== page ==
1. Outstandingly bad; shocking.
2. Extraordinary in some bad way
Use the adjective egregious to describe someone or something that has gone horribly wrong, like the cheating scandal that took place in Atlanta public schools.
– Vocabulary Dictionary
Part of Speech (POS):
Why is it important to know a word’s part of speech?
Understanding the different parts of speech is important for understanding how words work and how words can and should be joined to make sentences that are grammatically correct.
If a word has multiple meanings then how are people supposed to differentiate what definition is applicable?
Context clues are hints found within a sentence, paragraph, or passage that a reader can use to understand the meanings of new or unfamiliar words.
Readers will need to especially pay attention to context clues. Doing so will allow them to be able to decide upon the appropriate definition to fit the context in which the word is being used.
Synonyms for the word egregious:
Remember, a synonym is a word or phrase that has the exact or near exact definition as another word or phrase.
• glaringly bad
Other word forms of egregious
egregiously = adverb
Why is knowing various forms of a word important?
Knowing the various forms of a word allows the writer to use a word they like in many ways. This allows for creativity and varied sentence structure, which are important to writing well.
Below are forms of egregious used correctly in different sentence types:
• Due to the child’s egregious behavior, the teacher had to call another colleague for support. (Complex Sentence)
• The husband and wife made the egregious mistake of not saving for their child’s college education so they had to reach out to other family members for financial support. (Compound Sentence).
• Though the team member was accused of egregiously stealing money from the company account, many people liked him and they claimed that he was an honest man. (Compound-Complex Sentence)
• The egregious errors on the account cost Stephanie her promotion. (Simple Sentence)
In the above examples, we have provided the four English sentence types as examples to give you a visual of how each sentence type should be structured.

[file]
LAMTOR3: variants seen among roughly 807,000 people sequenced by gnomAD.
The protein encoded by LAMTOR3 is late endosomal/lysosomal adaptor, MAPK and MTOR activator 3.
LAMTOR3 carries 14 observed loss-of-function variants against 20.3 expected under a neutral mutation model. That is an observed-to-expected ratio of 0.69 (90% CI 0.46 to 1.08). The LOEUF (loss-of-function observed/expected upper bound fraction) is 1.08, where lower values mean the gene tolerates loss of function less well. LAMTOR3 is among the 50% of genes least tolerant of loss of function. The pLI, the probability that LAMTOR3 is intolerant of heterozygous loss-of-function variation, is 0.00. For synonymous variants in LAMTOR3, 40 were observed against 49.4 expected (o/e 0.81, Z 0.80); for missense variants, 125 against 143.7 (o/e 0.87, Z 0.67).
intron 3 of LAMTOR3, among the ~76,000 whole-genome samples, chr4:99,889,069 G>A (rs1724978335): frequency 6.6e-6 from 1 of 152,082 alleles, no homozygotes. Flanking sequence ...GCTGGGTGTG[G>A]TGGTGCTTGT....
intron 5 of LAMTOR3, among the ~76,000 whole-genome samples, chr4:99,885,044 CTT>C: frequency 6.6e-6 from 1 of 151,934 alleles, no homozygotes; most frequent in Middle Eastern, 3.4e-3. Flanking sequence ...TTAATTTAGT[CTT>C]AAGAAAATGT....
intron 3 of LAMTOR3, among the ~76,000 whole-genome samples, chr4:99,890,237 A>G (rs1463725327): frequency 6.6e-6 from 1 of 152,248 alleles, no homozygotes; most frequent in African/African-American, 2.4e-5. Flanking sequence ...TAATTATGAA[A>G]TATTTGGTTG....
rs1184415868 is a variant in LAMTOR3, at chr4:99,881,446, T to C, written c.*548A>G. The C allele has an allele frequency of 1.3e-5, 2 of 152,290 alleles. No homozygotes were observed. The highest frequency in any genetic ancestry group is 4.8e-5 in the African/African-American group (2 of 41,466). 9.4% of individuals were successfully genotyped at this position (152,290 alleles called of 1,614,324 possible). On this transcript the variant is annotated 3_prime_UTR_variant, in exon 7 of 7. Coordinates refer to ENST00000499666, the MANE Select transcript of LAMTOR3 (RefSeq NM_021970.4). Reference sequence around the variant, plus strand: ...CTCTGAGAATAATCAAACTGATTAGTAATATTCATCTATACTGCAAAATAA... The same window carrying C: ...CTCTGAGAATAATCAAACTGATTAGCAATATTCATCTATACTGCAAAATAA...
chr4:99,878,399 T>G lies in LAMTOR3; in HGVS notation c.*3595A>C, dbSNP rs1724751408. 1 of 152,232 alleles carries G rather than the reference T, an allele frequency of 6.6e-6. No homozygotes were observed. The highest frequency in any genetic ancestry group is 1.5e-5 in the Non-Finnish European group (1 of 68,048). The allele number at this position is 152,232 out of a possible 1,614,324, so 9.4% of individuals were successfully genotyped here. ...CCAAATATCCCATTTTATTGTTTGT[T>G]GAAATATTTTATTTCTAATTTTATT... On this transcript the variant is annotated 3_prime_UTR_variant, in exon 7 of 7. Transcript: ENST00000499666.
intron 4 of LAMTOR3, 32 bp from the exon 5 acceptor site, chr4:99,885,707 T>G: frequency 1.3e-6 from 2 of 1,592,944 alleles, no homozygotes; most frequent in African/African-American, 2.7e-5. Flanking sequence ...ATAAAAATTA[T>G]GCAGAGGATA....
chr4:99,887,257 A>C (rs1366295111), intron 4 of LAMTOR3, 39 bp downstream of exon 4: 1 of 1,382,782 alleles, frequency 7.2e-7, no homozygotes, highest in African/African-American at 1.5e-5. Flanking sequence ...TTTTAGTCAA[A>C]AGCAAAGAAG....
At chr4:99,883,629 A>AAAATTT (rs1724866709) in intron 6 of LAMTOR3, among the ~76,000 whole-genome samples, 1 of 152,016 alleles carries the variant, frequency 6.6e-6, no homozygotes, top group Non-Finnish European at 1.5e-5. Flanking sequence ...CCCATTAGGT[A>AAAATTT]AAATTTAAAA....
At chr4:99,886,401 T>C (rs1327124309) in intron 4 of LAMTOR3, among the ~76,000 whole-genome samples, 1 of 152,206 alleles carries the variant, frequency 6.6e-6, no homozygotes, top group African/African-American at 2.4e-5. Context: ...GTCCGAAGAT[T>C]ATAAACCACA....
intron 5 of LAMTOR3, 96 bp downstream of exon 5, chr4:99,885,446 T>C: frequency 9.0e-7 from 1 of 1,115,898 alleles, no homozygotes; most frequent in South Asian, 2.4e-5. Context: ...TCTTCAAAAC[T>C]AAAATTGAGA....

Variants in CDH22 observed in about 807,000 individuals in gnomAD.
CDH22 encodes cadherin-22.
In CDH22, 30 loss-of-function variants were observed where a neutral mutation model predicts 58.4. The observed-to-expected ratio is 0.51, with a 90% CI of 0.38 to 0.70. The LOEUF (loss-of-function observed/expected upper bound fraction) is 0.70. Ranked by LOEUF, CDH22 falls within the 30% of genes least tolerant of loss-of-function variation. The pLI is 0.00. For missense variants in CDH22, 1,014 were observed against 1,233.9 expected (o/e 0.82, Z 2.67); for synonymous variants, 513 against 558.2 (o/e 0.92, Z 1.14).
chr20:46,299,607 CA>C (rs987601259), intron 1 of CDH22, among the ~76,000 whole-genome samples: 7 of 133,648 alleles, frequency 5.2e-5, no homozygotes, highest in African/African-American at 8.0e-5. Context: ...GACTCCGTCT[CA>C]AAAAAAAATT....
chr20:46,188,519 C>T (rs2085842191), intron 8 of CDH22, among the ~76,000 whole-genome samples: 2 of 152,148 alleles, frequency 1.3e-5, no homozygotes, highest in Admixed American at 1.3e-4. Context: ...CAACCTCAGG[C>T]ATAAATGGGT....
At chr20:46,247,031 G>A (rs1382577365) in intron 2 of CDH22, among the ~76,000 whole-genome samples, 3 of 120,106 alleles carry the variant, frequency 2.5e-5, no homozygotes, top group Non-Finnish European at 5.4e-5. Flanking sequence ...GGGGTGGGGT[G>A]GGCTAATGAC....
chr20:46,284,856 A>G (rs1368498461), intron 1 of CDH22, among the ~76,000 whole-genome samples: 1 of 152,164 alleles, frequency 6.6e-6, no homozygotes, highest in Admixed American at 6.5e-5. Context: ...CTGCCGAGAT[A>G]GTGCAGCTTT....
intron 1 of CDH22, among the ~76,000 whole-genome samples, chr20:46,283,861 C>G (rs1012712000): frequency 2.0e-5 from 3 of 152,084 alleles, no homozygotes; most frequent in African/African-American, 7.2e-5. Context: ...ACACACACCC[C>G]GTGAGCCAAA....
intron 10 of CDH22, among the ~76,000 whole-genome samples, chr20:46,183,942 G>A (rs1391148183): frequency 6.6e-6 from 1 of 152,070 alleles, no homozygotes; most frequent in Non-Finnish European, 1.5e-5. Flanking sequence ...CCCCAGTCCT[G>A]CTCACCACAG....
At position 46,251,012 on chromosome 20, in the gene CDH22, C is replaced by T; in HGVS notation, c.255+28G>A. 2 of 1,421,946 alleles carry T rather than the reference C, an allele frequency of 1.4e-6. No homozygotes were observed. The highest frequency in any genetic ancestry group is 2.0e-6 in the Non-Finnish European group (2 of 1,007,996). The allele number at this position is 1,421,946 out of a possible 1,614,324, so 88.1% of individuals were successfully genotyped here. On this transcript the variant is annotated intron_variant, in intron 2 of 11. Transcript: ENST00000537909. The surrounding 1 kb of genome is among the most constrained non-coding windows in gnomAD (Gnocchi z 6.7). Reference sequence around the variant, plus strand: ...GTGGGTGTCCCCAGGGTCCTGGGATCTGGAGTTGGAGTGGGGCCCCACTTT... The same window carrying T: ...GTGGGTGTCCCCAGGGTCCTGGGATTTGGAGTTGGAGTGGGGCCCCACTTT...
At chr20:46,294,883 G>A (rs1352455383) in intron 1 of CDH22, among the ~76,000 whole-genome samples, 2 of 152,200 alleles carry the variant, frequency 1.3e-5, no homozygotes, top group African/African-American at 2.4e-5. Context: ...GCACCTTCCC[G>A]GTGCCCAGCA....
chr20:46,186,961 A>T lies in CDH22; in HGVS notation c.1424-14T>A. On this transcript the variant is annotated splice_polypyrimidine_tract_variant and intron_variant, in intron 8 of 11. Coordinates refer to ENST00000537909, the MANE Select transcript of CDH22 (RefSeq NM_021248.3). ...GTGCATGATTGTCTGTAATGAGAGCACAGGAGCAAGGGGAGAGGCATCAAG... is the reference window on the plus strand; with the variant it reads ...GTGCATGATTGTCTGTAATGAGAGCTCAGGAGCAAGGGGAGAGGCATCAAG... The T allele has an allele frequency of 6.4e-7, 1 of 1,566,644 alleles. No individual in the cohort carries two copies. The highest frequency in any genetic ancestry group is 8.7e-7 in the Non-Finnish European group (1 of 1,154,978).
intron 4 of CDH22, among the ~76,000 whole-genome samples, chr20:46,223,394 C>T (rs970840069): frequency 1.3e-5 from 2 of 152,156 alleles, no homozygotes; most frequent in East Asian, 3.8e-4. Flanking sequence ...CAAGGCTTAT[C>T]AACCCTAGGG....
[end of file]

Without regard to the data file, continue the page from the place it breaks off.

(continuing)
1. Write three complex sentences using the word egregious.
A complex sentence is a sentence that contains one independent and at least one dependent clause.
An independent clause is a complete thought that can stand alone as a sentence.
A dependent clause is not a complete thought. It is a sentence that depends on the independent clause.
2. Write two compound sentences using the word egregious.
A compound sentence is a sentence containing two or more independent clauses joined by a coordinating conjunction or semicolon.
3. Write four simple sentences using the both adjective and adverb word forms for egregious.
4. After proofreading your sentences, type them into the Leave a Reply/Leave a Comment section below (keep scrolling down).
5. Please review The 4 Types of Sentences workshop in our Basic Rules of Grammar category. At the very bottom of this page you will find a search bar section where you can type in the words The 4 Types of Sentences to find the workshop and other helpful workshops.
A member of our teaching staff will provide helpful feedback for the sentences you provide in the comment section below. If you have any questions related to this workshop, please feel free to post those as well.
Writing Tip: Use the word during a conversation today. The more you familiarize yourself with this word by consistently incorporating it into your vocabulary and writing, the easier it will be to remember the word.
We hope you enjoyed this reading and writing workshop.
Keep up to date with each of our free online writing workshops.
Follow us on Twitter @dfoww_edu
Follow us on Facebook @dfoww
Follow us on Instagram @dfoww_edu
Follow us on LinkedIn @dfoww
© Copyright 2020 dfoww, Incorporated